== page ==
In an attempt to mitigate the likelihood of this happening, try moving to quarterly or even bi-annual performance evaluations. Always end the evaluation by clearly identifying areas of improvement and S.M.A.R.T. goals on which you will follow up during your next coaching and development review. It's also wise to separate discussions around change in compensation from discussions of performance.
Finally, leaders in your organization can bring their overstated sense of value to the table when applying for, or feeling entitled to, promotions. Keen leaders and managers should always state their desire to grow, take on higher levels of responsibility and contribute to the greater good of the company at a higher level. This is healthy. What is not healthy is the leader who feels they are due a promotion based upon their ability to talk the talk.
Promotions and new opportunities must be provided to leaders who put in the extra work, who have a track record of getting shit done, and who are fully aligned with the values and core focus of the company, always acting in its best interests, not their own.
Earlier this week, I caught myself mid-mental gymnastics ascribing value to my services based on what I know and not on what I’ve done. A long-standing and highly valued client of mine and I were working on a contract renewal for this year. He is shrewd but fair— leaning a little more on the shrewd side at times. I am easy going and fair-minded, but not without a bit of ego at times.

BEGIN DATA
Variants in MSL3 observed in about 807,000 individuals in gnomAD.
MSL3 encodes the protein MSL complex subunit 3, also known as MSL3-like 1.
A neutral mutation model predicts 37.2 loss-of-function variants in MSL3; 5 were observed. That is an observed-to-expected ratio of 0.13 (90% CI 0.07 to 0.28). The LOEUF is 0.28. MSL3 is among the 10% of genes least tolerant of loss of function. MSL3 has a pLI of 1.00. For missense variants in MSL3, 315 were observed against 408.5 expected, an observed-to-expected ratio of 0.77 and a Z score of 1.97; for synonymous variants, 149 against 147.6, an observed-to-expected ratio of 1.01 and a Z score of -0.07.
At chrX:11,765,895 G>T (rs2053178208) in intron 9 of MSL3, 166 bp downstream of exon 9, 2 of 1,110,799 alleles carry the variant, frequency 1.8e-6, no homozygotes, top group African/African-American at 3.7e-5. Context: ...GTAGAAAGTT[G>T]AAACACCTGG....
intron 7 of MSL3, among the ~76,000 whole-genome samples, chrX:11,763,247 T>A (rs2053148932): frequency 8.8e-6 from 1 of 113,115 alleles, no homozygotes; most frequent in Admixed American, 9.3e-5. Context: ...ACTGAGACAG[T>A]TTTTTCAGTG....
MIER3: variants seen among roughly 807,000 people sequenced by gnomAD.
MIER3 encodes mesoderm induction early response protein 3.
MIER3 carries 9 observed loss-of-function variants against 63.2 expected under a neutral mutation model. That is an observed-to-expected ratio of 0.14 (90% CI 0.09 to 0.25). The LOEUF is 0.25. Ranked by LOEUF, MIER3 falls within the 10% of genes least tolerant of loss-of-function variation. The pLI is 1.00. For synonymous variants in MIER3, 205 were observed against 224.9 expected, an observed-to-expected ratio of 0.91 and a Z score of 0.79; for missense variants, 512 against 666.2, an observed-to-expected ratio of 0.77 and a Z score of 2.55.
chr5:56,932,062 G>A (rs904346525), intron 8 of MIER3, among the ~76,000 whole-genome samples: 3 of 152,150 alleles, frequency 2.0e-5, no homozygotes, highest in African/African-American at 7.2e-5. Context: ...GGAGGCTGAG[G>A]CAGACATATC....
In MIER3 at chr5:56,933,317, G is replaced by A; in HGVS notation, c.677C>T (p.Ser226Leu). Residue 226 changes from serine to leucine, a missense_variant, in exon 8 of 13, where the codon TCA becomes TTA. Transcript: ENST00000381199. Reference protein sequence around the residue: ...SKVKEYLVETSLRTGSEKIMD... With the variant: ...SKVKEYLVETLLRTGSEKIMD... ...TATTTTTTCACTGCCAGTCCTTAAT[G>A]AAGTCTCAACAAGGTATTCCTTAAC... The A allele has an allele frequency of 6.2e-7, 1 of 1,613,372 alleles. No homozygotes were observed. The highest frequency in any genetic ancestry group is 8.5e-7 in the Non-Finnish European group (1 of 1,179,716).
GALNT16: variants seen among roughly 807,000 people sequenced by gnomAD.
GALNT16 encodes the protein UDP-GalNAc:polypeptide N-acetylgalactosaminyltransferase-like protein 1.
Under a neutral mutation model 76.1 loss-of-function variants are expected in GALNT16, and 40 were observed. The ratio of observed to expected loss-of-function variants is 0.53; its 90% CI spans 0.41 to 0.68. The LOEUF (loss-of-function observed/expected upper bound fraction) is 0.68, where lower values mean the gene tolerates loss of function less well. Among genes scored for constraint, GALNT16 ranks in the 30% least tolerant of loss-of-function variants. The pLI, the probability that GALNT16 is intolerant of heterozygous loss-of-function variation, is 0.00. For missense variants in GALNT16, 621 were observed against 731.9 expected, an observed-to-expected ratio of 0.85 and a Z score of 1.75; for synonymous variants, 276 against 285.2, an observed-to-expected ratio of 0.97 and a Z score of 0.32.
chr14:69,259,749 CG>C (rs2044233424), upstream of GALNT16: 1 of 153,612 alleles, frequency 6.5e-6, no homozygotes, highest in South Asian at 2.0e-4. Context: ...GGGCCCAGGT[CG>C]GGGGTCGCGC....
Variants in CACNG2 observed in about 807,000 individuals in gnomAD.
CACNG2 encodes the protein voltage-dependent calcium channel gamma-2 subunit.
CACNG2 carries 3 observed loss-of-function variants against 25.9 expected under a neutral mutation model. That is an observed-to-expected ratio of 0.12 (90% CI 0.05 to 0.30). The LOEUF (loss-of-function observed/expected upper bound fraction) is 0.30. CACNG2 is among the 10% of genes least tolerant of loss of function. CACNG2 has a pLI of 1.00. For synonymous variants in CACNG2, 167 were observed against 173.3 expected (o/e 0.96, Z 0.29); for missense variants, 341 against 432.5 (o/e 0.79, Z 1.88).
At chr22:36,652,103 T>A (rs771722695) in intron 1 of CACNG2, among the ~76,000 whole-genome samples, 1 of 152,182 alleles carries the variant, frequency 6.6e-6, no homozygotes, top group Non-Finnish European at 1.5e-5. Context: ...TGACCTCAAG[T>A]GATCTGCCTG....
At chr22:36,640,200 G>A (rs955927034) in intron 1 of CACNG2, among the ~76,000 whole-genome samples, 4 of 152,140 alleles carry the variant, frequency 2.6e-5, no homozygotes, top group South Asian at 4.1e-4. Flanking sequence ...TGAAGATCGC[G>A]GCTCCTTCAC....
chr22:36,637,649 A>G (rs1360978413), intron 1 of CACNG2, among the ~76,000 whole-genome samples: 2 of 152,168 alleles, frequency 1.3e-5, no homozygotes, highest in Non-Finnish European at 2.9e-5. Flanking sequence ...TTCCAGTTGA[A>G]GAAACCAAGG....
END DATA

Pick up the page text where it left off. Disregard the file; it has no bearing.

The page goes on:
The contract we were negotiating was based on a monthly fee. It covers a variety of responsibilities spread throughout five of his companies. It is a great gig and I am truly grateful for the ongoing opportunity. Given that it is steady work, I allow myself to be paid below contractor market value, and I am mostly good with that. Earlier in the week, I started ruminating on this. My client looks at my value to his businesses based upon the amount of my time that I commit to working with them, around 80% of my work time, so he bases pay on 80% of a full-time commit.
My ego kicked in, “Hey, wait. I have more than 32 years of industry experience and without me, you would not be where you are today.” Fortunately, because I have done the work and walk the walk, I caught myself and shook that off. It is not about what I know; it is about what I do for my client and the results that I bring. Without those results, my time and knowledge are worth nothing.
What is this ego thing anyway but a mask for our fears and insecurities? Leaders who rely upon what they know tend to suck the air out of the room, take credit, assign blame and do not create loyal followers committed to the greater good of the company. In short, these leaders create companies that are rarely smart, healthy or successful. Ultimately, they have to go before they destroy what good is left.
So, Mr. Hill, it seems as if you are shooting three for three so far. It matters not what I know or pretend to know, not what school that I went to, what degrees that I have, or what my resume looks like. At the end of the day, results talk and bullshit walks. It is all about what we get done, what results we bring and how our team buys into what we are selling. People can spot a phony a mile away.
Until next time!